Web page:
Here at Labor Day, I want to consider the role of work in our lives. I take my title and the jumping-off point for these reflections from the fourth of the Ten Commandments, but to understand that you have to first recall the first of the two creation myths in the Book of Genesis. Remember that Genesis has two stories of how God created the world, very different and written at different times. Adam and Eve and the Garden and the serpent and the idea of original sin, those are all in the second story of how this world was created. In the first story, which is the first chapter of Genesis and one verse of the second, creation starts in a formless chaos out of which God speaks the elements of the world into existence; it takes God six days to separate the light from the darkness, the sky from the land and the land from the sea and put the sun and moon and stars in the sky and populate creation with all the critters and finally humans. At the end of each day, God looks at what she has accomplished on that day and pronounces it good. And finally when God has made the humans on the sixth day, on the seventh God rests. The first creation story ends with these words:
“[Genesis 2] 2 And on the seventh day God finished the work that he had done, and he rested on the seventh day from all the work that he had done. 3 So God blessed the seventh day and hallowed it, because on it God rested from all the work that he had done in creation.”
But it turned out that resting on the seventh day was not just a nice idea; God goes on to make it a model for humans to follow, whether they wanted to or not. Six weeks after the Children of Israel were liberated from slavery in Egypt, their leaders Moses and Aaron almost have a mutiny on their hands because the Israelites are starving in the desert. Some want to go back to the fleshpots of Egypt where at least they would have a full stomach. God solves the hunger problem by sending a kind of bread which falls like dew from the skies, manna, but God is very particular about how they shall gather the bread. Each day, each family is allowed to gather one Omer, one measure of the manna for each person in the household, except that on the sixth day they shall gather two omers per person and on the seventh day, they gather no manna. Because the seventh day is a day of rest.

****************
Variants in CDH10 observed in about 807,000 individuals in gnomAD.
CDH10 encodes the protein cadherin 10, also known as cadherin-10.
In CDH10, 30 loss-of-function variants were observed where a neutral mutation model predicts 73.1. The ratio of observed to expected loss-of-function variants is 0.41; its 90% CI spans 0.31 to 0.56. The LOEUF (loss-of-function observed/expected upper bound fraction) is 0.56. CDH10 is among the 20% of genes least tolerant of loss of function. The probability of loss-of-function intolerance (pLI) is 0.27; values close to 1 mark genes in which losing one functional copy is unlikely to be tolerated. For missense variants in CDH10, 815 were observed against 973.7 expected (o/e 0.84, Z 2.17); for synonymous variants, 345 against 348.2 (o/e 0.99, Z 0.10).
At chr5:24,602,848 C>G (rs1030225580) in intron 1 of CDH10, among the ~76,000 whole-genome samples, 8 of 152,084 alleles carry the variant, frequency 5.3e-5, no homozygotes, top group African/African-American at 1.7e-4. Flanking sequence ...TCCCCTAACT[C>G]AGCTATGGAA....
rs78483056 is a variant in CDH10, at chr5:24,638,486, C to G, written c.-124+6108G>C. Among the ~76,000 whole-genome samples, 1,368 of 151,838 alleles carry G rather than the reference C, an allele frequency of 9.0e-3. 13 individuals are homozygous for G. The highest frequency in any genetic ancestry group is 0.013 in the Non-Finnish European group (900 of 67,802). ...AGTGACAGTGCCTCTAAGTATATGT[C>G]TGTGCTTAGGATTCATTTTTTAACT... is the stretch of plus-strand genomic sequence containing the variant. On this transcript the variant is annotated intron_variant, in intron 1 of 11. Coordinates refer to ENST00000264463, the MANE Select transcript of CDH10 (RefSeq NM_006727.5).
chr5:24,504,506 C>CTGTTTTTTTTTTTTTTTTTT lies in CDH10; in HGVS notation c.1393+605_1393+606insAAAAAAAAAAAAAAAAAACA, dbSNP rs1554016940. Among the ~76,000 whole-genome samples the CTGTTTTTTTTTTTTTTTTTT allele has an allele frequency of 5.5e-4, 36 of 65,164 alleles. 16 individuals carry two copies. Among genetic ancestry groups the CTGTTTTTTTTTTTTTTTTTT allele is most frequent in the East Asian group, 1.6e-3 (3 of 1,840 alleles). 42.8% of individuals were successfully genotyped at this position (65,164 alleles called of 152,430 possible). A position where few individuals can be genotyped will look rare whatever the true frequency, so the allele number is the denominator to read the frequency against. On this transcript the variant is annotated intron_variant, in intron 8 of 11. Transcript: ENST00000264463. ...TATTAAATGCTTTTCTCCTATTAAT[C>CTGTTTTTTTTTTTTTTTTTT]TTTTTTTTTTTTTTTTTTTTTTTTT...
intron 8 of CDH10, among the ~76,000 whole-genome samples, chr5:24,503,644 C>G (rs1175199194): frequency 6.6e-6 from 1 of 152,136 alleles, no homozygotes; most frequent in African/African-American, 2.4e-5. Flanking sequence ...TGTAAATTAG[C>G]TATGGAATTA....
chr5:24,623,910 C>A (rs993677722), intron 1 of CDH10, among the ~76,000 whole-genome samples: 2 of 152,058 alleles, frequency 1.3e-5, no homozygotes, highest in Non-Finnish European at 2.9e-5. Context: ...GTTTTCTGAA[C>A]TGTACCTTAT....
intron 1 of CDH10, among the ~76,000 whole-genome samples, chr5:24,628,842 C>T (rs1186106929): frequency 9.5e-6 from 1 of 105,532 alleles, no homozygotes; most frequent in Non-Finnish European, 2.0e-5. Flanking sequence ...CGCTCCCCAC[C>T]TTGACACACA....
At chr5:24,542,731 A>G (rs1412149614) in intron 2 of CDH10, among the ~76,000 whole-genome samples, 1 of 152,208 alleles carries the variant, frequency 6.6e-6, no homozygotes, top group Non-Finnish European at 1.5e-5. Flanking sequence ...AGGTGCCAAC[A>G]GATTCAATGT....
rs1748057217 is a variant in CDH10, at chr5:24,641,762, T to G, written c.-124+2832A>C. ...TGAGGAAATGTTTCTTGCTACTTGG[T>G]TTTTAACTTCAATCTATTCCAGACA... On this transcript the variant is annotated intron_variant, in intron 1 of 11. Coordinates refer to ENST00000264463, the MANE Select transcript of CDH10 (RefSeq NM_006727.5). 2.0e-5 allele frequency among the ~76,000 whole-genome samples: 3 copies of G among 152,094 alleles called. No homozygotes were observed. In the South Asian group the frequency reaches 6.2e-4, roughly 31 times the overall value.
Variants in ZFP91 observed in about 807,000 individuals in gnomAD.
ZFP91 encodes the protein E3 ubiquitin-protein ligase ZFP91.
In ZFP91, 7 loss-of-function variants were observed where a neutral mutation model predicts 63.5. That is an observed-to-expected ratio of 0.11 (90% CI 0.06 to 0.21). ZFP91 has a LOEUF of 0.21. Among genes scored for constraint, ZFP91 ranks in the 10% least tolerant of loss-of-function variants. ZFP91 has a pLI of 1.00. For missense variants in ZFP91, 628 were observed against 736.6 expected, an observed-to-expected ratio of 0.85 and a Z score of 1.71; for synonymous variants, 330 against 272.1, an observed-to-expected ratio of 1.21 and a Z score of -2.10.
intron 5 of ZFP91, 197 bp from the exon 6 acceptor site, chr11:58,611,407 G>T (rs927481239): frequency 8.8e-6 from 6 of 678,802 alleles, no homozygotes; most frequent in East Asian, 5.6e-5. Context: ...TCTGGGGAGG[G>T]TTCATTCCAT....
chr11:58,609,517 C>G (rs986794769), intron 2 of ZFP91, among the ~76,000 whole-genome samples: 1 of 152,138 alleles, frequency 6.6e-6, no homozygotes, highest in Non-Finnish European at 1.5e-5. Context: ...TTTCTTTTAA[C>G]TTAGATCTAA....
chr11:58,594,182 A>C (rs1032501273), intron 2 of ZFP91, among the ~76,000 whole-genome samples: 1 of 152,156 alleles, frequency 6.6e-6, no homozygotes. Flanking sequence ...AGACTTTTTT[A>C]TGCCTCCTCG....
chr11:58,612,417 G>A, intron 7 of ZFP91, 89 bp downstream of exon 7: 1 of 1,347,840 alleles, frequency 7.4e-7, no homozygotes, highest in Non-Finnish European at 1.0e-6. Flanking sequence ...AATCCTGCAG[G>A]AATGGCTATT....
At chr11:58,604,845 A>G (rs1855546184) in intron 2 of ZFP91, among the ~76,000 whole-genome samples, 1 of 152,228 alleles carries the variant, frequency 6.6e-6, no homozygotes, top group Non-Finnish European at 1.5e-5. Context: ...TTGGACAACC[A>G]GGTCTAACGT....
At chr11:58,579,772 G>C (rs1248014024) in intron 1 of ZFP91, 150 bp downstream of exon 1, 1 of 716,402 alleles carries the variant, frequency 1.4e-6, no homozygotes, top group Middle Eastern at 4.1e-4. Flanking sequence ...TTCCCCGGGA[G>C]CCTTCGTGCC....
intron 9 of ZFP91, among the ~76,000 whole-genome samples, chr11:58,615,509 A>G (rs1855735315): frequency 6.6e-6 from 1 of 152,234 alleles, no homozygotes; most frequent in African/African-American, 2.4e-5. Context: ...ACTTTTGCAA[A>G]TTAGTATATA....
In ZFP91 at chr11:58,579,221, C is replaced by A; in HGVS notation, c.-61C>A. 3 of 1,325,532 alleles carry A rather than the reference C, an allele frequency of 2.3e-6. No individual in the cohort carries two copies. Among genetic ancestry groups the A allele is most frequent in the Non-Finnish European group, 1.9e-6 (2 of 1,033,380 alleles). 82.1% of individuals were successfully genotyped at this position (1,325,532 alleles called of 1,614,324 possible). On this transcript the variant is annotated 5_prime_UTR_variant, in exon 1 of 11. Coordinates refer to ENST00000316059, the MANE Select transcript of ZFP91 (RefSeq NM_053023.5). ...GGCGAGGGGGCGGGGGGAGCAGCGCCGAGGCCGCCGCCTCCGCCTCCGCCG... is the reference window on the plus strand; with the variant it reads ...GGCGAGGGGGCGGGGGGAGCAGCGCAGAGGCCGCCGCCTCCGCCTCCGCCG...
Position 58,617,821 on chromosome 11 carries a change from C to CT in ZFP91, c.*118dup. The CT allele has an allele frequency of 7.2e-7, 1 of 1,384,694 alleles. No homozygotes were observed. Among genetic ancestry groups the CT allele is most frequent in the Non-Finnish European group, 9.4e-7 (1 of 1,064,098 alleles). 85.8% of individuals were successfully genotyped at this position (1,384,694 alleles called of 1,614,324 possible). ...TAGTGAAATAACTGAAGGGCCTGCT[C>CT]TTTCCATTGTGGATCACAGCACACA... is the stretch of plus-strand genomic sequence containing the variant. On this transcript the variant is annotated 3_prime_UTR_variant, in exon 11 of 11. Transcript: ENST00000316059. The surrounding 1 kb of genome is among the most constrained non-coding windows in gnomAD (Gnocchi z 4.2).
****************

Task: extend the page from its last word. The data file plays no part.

Through the whole forty years the Israelites wandered in the desert, God provided manna from the skies for them to eat, but there was a double portion of manna on the sixth day and no manna at all on the seventh. It was an enforced sabbath.
Later God is laying down the law to the Israelites as they are still wandering through the Sinai desert. God gives them the Ten Commandments, as well as a lot of more detailed laws. The Fourth Commandment requires:
“8 Remember the sabbath day, and keep it holy. 9 Six days you shall labor and do all your work. 10 But the seventh day is a sabbath to the LORD your God; you shall not do any work — you, your son or your daughter, your male or female slave, your livestock, or the alien resident in your towns. 11 For in six days the LORD made heaven and earth, the sea, and all that is in them, but rested the seventh day; therefore the LORD blessed the sabbath day and consecrated it.”
You know God considers it important to take that day of rest if she puts it in the ten biggest list of dos and don’ts. And note that it doesn’t just apply to Jews but to anyone who lives in a Jewish community. Slaves and aliens and so forth.
So it’s ironic that an awful lot of people who consider themselves to be followers of the Ten Commandments, who would never think of taking God’s name in vain or committing murder, theft or adultery of bearing false witness, will cheerfully work right through the sabbath day.
And it is doubly ironic that the chief offenders in this regard are preachers. People who are supposed to be advocates for the Judeo-Christian ethos are up in the pulpit every Sunday violating the fourth commandment. I’m doing it right now.
Some people would counter that the main point of the fourth commandment is not rest but holiness, and since the minister is leading services for a religious community, they are fulfilling the spirit fo the Fourth Commandment. Under this view, the purpose of the commandment is to remind the faithful to devote some time to the source of it all, to the one from whom, in the words of the old hymn, all blessings flow. And as we all know, there are many conservative Jews and members of Christian denominations as well who are very strict in observance of the Sabbath. Whole chapters of the Torah are devoted to list of the things you can’t do on the Sabbath.
Holiness is clearly part of it, but I’d like to lift up the value of non-doing for its own sake. Non-doing has its own type of holiness.
In other words, one way we can contemplate the value of work is by considering its opposite. We pause in our worship service for a time of prayer and meditation. Many of us meditate at home or in a group which gathers Saturday morning here. We deliberately put activities on hold.